Last Weekend’s Jazz Festival… and Some Thoughts On Improving For Next Time

By the way, last weekend I also took in an evening of jazz with my friend Nick.

It was, in some ways, a disappointment, though I always have a good time with Nick so all was not lost. As a brief summary:

정성죠 Big Band, well, we mostly missed them, arriving only in time to see them back some vocal jazz. Not my thing, and more depressingly, they played some charts that I myself played in high school and university big bands… and not as well as we played those charts, back in the day.

The Nana Quartet came next, I think? My impression was she was a Korean-American, and she was an alright singer, but didn’t blow me away. The band played crowd-pleasing mainstream vocal jazz.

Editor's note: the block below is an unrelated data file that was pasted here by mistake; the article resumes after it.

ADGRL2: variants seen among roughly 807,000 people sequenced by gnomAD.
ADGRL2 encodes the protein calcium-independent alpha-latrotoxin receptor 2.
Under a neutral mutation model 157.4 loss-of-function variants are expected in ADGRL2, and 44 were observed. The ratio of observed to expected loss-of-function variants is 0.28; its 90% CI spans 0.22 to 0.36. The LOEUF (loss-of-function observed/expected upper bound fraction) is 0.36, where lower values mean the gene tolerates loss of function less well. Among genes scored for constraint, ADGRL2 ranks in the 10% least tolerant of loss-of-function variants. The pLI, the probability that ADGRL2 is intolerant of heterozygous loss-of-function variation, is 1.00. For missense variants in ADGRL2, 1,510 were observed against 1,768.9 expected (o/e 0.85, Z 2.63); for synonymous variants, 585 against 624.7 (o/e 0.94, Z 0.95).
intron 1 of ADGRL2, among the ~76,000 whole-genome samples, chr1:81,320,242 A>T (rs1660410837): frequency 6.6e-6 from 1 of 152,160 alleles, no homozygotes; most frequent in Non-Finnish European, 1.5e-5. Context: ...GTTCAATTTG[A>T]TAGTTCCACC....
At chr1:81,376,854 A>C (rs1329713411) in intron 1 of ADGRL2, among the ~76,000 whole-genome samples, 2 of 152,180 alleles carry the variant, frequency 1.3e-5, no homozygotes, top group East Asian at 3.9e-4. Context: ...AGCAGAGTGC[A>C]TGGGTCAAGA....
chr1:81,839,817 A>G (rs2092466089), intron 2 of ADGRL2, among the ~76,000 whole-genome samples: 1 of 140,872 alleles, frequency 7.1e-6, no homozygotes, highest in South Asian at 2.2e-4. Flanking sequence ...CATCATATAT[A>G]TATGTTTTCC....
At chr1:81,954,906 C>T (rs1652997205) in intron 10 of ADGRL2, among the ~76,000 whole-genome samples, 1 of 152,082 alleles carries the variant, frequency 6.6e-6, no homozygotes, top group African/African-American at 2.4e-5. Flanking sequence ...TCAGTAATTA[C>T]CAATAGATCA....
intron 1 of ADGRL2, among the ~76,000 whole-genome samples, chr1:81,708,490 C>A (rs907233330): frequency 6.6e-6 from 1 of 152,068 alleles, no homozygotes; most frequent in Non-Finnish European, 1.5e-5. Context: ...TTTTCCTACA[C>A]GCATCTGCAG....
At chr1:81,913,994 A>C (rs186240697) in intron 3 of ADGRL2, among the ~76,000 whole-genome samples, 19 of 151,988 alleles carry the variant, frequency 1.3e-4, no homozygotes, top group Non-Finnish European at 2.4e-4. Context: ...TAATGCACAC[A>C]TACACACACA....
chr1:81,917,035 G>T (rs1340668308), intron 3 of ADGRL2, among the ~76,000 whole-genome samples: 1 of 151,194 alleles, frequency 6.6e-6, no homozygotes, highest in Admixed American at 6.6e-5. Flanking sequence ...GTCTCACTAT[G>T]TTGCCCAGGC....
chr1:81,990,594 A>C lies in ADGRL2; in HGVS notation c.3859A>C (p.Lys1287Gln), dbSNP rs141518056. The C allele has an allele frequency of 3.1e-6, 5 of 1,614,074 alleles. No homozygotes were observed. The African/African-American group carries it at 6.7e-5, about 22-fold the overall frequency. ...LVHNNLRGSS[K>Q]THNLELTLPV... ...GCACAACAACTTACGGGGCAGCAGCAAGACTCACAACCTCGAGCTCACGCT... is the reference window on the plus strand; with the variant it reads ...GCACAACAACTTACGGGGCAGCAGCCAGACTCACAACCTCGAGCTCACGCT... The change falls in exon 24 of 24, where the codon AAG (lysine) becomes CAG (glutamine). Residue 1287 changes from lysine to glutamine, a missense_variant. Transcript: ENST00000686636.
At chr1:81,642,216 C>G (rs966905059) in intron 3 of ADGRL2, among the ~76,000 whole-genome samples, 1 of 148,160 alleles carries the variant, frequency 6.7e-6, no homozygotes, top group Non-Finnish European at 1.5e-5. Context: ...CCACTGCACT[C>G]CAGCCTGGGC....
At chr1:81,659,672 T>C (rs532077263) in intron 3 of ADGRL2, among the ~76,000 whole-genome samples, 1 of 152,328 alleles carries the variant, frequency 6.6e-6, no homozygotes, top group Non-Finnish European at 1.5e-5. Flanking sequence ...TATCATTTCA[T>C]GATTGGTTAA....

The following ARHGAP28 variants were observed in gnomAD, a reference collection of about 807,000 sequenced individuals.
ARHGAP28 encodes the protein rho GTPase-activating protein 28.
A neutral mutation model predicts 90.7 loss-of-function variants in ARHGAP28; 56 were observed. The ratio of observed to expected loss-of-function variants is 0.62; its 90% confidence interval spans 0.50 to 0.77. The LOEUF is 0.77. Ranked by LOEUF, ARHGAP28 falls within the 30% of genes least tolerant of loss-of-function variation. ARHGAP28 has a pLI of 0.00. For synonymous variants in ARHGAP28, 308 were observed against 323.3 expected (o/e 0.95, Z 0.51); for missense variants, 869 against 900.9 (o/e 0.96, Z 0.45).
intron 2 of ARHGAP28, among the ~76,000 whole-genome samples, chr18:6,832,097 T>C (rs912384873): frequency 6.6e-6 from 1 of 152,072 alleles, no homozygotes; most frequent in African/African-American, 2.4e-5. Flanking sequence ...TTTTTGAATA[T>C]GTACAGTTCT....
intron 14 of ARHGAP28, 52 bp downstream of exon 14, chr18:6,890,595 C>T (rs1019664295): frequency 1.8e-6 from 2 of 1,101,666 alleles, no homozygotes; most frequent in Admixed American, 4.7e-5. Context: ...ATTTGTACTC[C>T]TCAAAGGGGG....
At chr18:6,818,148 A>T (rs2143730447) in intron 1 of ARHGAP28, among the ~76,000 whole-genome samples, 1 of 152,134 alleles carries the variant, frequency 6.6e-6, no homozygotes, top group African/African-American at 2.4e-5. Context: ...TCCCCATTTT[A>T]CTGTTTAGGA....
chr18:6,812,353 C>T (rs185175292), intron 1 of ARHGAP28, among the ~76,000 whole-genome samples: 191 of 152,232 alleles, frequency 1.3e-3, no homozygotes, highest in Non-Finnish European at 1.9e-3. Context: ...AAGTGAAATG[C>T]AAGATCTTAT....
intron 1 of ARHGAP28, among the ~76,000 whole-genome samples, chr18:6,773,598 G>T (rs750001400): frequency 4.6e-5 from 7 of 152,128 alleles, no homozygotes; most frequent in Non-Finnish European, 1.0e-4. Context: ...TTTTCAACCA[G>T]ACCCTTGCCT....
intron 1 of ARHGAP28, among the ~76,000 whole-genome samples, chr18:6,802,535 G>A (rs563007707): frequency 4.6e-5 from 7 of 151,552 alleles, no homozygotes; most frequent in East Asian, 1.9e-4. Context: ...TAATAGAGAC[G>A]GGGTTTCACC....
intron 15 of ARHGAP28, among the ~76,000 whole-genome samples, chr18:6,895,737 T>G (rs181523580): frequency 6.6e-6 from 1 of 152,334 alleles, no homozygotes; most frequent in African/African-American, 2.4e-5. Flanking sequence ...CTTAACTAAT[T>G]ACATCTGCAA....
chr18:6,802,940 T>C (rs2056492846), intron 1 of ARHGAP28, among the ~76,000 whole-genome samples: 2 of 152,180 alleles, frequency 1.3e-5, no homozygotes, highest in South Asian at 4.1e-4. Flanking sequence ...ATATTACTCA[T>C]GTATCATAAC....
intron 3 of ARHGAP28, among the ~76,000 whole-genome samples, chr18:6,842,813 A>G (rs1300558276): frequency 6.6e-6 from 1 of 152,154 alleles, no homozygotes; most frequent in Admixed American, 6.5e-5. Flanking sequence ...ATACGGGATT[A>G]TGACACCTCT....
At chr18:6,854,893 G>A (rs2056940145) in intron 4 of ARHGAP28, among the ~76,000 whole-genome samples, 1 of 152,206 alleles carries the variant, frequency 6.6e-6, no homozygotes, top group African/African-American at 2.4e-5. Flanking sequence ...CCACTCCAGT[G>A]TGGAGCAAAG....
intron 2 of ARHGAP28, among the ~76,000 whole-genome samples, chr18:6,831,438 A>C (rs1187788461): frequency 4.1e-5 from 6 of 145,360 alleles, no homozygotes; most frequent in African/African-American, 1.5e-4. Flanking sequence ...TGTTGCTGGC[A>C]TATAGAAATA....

Florence Davis and her band, a French outfit,  was the most interesting vocal group. They did some really interesting stuff in terms of orchestration, with violin and soprano saxophone combining to produce some haunting harmonies. I was disappointed when she went ahead and did a crowd-pleaser too — not because I’m against pleasing the crowd (well, maybe I am) but because it was a particularly uninteresting version of Michael Jackson’s “Man in the Mirror,”  quite sloppily arranged and mechanically performed, that was a whole category lower in quality compared to everything else they’d done before.